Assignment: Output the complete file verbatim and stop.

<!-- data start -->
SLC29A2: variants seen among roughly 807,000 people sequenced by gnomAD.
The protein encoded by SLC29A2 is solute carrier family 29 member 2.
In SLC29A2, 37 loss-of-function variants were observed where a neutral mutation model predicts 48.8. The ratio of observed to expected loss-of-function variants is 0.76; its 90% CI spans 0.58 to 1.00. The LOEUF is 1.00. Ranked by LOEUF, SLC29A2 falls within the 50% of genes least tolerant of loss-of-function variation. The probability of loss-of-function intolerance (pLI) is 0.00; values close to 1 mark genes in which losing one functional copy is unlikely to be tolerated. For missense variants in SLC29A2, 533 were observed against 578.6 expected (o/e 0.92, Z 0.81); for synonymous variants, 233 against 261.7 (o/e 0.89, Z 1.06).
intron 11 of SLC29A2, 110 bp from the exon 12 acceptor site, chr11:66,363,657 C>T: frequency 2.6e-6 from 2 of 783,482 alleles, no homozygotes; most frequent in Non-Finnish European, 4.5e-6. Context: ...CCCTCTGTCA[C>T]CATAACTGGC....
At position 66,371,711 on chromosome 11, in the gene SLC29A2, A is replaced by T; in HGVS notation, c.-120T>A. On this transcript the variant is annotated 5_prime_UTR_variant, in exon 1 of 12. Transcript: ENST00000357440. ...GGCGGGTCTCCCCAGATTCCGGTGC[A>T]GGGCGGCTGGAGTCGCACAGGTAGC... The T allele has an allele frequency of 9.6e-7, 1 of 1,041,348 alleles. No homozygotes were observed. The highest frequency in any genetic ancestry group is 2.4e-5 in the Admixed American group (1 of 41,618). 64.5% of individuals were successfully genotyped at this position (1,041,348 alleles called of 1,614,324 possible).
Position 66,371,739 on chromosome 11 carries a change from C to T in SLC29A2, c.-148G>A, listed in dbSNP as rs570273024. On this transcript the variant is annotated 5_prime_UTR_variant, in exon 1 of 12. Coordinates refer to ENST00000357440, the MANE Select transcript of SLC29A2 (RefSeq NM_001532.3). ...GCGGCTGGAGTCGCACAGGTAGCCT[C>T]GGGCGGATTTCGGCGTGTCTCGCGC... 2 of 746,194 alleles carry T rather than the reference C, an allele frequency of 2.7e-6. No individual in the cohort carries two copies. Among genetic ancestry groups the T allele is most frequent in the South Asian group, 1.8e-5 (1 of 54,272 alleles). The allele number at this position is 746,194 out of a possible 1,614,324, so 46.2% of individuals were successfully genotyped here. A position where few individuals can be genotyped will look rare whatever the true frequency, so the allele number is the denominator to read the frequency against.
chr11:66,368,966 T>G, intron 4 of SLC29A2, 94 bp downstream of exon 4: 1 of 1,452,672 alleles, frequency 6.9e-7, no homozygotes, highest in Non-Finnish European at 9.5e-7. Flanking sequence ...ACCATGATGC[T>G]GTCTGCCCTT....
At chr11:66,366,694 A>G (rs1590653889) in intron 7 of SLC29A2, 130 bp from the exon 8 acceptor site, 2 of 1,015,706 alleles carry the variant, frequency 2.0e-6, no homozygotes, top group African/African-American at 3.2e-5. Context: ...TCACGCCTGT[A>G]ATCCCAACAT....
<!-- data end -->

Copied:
SLC29A2: variants seen among roughly 807,000 people sequenced by gnomAD.
The protein encoded by SLC29A2 is solute carrier family 29 member 2.
In SLC29A2, 37 loss-of-function variants were observed where a neutral mutation model predicts 48.8. The ratio of observed to expected loss-of-function variants is 0.76; its 90% CI spans 0.58 to 1.00. The LOEUF is 1.00. Ranked by LOEUF, SLC29A2 falls within the 50% of genes least tolerant of loss-of-function variation. The probability of loss-of-function intolerance (pLI) is 0.00; values close to 1 mark genes in which losing one functional copy is unlikely to be tolerated. For missense variants in SLC29A2, 533 were observed against 578.6 expected (o/e 0.92, Z 0.81); for synonymous variants, 233 against 261.7 (o/e 0.89, Z 1.06).
intron 11 of SLC29A2, 110 bp from the exon 12 acceptor site, chr11:66,363,657 C>T: frequency 2.6e-6 from 2 of 783,482 alleles, no homozygotes; most frequent in Non-Finnish European, 4.5e-6. Context: ...CCCTCTGTCA[C>T]CATAACTGGC....
At position 66,371,711 on chromosome 11, in the gene SLC29A2, A is replaced by T; in HGVS notation, c.-120T>A. On this transcript the variant is annotated 5_prime_UTR_variant, in exon 1 of 12. Transcript: ENST00000357440. ...GGCGGGTCTCCCCAGATTCCGGTGC[A>T]GGGCGGCTGGAGTCGCACAGGTAGC... The T allele has an allele frequency of 9.6e-7, 1 of 1,041,348 alleles. No homozygotes were observed. The highest frequency in any genetic ancestry group is 2.4e-5 in the Admixed American group (1 of 41,618). 64.5% of individuals were successfully genotyped at this position (1,041,348 alleles called of 1,614,324 possible).
Position 66,371,739 on chromosome 11 carries a change from C to T in SLC29A2, c.-148G>A, listed in dbSNP as rs570273024. On this transcript the variant is annotated 5_prime_UTR_variant, in exon 1 of 12. Coordinates refer to ENST00000357440, the MANE Select transcript of SLC29A2 (RefSeq NM_001532.3). ...GCGGCTGGAGTCGCACAGGTAGCCT[C>T]GGGCGGATTTCGGCGTGTCTCGCGC... 2 of 746,194 alleles carry T rather than the reference C, an allele frequency of 2.7e-6. No individual in the cohort carries two copies. Among genetic ancestry groups the T allele is most frequent in the South Asian group, 1.8e-5 (1 of 54,272 alleles). The allele number at this position is 746,194 out of a possible 1,614,324, so 46.2% of individuals were successfully genotyped here. A position where few individuals can be genotyped will look rare whatever the true frequency, so the allele number is the denominator to read the frequency against.
chr11:66,368,966 T>G, intron 4 of SLC29A2, 94 bp downstream of exon 4: 1 of 1,452,672 alleles, frequency 6.9e-7, no homozygotes, highest in Non-Finnish European at 9.5e-7. Flanking sequence ...ACCATGATGC[T>G]GTCTGCCCTT....
At chr11:66,366,694 A>G (rs1590653889) in intron 7 of SLC29A2, 130 bp from the exon 8 acceptor site, 2 of 1,015,706 alleles carry the variant, frequency 2.0e-6, no homozygotes, top group African/African-American at 3.2e-5. Context: ...TCACGCCTGT[A>G]ATCCCAACAT....